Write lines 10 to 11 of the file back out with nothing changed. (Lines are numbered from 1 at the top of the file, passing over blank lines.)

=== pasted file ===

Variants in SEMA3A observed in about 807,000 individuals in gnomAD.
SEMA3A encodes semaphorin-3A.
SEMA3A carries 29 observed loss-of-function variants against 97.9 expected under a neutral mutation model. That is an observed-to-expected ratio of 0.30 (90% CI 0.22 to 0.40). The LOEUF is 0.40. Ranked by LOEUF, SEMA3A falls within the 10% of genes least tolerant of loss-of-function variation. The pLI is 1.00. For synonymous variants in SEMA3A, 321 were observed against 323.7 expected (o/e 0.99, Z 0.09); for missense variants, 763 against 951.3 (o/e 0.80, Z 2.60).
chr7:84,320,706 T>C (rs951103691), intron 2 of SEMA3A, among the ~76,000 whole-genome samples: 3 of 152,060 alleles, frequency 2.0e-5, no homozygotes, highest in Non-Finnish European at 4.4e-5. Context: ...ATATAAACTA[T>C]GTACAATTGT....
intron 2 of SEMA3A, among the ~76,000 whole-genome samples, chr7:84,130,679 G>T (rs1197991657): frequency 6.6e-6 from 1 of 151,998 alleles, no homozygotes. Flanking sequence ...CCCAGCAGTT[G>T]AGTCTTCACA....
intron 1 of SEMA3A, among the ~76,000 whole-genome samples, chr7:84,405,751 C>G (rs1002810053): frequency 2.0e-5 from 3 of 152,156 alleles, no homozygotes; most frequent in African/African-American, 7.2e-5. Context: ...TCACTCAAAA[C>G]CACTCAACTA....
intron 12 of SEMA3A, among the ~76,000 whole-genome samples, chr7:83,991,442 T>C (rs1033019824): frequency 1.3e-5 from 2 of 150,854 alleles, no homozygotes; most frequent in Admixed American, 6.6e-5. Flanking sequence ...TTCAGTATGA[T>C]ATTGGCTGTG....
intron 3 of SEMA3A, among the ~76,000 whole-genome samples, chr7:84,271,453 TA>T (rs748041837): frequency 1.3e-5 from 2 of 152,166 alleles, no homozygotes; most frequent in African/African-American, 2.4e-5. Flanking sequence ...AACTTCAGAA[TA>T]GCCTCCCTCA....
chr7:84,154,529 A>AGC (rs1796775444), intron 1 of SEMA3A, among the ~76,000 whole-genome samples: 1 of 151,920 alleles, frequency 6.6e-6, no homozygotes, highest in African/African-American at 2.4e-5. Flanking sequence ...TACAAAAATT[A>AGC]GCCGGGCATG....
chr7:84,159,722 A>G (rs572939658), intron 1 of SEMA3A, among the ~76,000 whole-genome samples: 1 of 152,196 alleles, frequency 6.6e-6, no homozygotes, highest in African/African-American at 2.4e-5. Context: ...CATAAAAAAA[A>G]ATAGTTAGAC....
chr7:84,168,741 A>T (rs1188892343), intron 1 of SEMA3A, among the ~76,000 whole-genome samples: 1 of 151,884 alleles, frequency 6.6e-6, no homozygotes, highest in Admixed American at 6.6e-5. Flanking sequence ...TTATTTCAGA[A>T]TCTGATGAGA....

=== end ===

chr7:84,159,722 A>G (rs572939658), intron 1 of SEMA3A, among the ~76,000 whole-genome samples: 1 of 152,196 alleles, frequency 6.6e-6, no homozygotes, highest in African/African-American at 2.4e-5. Context: ...CATAAAAAAA[A>G]ATAGTTAGAC....
chr7:84,168,741 A>T (rs1188892343), intron 1 of SEMA3A, among the ~76,000 whole-genome samples: 1 of 151,884 alleles, frequency 6.6e-6, no homozygotes, highest in Admixed American at 6.6e-5. Flanking sequence ...TTATTTCAGA[A>T]TCTGATGAGA....